A destructive insect that could have serious adverse impacts for wineries and agricultural water use was discovered in Marin County last week, county officials said Wednesday.
An official with the Marin County Department of Agriculture found a glassy-winged sharpshooter last Thursday while inspecting a shipment from a nursery in Ventura County, according to county officials. That shipment has since been returned, but the name of the nursery that sent it is being withheld to prevent unwanted attention, according to the Department of Agriculture.
The glassy-winged sharpshooter is known to feed on more than 300 plants, including grapevines and almond trees, many of which are found in Northern California. Apples, blackberries and eucalyptus trees are also among the affected species of plants. Once attached to a host plant, the glassy-winged sharpshooter can drain 200 to 300 times its own body weight in water every day.
A tree that has been heavily infested can lose 10 to 15 gallons of fluid each day, requiring farmers to significantly increase irrigation, according to the Department of Agriculture. Marin County Agricultural Commissioner Stacy Carlsen said in a statement that the glassy-winged sharpshooter’s impact on water use is especially concerning due to California’s ongoing drought.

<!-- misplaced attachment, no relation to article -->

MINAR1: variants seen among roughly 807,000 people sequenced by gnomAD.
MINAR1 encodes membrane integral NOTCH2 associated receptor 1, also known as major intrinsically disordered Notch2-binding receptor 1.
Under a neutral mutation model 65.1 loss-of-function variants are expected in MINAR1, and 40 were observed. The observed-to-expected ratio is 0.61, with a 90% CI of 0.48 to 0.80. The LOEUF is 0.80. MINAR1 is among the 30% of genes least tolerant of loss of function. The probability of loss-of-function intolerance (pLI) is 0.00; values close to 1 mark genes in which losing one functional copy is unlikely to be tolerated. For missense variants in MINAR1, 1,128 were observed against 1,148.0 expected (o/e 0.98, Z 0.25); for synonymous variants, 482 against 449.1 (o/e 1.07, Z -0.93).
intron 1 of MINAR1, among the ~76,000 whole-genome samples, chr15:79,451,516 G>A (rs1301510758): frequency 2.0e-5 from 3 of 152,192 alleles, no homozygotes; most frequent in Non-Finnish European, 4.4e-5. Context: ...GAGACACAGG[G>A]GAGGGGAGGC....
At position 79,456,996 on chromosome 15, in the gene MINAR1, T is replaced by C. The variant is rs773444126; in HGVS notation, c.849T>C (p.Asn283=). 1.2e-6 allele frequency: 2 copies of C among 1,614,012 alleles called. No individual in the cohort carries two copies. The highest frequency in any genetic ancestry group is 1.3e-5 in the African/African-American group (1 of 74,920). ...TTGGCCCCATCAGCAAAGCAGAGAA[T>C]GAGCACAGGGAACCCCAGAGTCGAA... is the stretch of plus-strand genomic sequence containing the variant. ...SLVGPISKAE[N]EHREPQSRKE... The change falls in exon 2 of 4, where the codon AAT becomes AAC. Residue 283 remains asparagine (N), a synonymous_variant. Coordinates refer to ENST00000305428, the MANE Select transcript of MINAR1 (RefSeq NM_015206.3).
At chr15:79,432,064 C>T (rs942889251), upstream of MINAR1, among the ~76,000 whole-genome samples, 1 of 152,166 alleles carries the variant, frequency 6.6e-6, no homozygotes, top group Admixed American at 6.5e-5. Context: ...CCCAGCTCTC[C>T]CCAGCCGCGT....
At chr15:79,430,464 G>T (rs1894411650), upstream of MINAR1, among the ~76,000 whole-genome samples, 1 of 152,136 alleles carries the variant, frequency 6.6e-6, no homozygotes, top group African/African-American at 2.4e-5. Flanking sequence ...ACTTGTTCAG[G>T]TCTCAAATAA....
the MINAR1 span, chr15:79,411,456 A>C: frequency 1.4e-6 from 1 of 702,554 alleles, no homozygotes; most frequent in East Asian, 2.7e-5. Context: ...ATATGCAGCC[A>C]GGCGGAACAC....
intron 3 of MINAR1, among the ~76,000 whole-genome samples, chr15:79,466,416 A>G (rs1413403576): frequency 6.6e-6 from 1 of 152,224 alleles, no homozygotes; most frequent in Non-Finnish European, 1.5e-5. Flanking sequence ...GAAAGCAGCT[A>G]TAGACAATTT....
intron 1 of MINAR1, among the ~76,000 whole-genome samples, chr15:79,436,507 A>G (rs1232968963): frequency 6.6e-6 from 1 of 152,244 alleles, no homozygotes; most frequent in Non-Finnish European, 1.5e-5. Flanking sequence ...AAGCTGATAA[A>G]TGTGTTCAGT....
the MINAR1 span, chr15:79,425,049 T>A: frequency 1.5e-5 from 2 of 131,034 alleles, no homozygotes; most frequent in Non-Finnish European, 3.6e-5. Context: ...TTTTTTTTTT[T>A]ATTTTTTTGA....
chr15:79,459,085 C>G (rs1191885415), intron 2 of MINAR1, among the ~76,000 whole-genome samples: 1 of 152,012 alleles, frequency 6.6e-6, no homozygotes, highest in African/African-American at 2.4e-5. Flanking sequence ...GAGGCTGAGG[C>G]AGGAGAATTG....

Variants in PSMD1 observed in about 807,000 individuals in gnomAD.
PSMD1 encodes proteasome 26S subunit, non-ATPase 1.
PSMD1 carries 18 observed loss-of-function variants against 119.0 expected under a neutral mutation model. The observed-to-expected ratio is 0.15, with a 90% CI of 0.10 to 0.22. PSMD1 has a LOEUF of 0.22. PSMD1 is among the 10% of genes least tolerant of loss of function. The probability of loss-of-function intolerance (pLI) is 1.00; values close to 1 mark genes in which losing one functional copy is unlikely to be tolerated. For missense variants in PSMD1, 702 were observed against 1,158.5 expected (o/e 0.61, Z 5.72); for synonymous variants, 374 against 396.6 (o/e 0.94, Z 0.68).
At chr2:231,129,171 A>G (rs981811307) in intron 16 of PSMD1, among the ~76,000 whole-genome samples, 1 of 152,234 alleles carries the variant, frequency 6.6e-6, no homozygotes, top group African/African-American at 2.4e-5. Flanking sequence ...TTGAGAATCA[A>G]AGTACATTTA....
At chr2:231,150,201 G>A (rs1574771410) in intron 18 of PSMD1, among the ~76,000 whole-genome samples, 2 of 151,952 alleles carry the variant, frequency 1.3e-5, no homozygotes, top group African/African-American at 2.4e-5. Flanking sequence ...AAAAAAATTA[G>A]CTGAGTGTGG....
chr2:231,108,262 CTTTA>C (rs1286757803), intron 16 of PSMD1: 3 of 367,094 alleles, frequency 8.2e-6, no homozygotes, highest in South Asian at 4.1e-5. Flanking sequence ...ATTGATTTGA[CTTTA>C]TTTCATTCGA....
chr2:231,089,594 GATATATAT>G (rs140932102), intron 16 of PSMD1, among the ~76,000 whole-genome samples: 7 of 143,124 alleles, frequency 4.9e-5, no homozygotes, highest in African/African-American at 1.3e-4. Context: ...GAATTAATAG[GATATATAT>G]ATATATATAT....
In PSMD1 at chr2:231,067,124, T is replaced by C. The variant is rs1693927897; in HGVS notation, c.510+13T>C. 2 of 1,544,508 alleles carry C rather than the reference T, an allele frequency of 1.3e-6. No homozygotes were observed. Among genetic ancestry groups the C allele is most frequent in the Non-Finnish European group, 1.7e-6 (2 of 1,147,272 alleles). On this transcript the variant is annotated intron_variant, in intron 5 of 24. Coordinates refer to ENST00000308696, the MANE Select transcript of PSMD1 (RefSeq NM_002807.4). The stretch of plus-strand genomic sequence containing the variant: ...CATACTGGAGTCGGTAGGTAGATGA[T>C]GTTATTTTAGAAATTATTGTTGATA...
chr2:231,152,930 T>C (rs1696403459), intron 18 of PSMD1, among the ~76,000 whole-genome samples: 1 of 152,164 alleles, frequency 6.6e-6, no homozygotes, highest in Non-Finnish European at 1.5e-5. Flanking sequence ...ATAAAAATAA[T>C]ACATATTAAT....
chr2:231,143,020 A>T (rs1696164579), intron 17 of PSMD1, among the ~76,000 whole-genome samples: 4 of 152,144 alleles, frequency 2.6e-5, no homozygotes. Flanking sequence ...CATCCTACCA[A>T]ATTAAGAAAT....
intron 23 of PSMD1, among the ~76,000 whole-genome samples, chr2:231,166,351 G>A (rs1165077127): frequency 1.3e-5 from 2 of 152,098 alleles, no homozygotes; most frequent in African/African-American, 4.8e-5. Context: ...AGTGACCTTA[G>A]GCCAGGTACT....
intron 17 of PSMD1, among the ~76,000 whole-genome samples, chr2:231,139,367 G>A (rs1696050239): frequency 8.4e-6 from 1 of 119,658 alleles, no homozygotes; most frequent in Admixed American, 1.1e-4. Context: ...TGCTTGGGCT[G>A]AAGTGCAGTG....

Deputy Agricultural Commissioner Stefan Parnay said the bug is particularly hazardous to grapes because it can transmit the bacteria that causes Pierce’s disease. “There’s no cure for that, and it will kill the grapevine,” Parnay said.
According to www.piercesdisease.org, the condition affects the plant’s ability to conduct water through its xylem, resulting in chlorosis and scorching of the leaves. Parnay described the adult glassy-winged sharpshooter as being roughly half an inch long and an eighth-inch wide. He compared the bug’s size to the width of a dime.
The Marin County Department of Agriculture is asking anyone who suspects they may have found a glassy-winged sharpshooter to call (415) 473-6700 or (415) 473-4204 as soon as possible. Specimens can be taken to 1682 Novato Blvd. in Novato for identification during regular business hours.
There is a history of glassy-winged sharpshooter infestations in at least two other Bay Area counties. Santa Clara County has been battling glassy-winged sharpshooters since 2008 and there’s still one active infestation there, according to that county’s Deputy Agricultural Commissioner Eric Wylde:
“We’re down to very low numbers, which makes them difficult to detect, but every once in a while they pop up.”
There was also a glassy-winged sharpshooter infestation in Contra Costa County in 2001, but officials conducted a successful eradication effort, according to Matthew Slattengren, assistant commissioner of the Contra Costa County Department of Agriculture.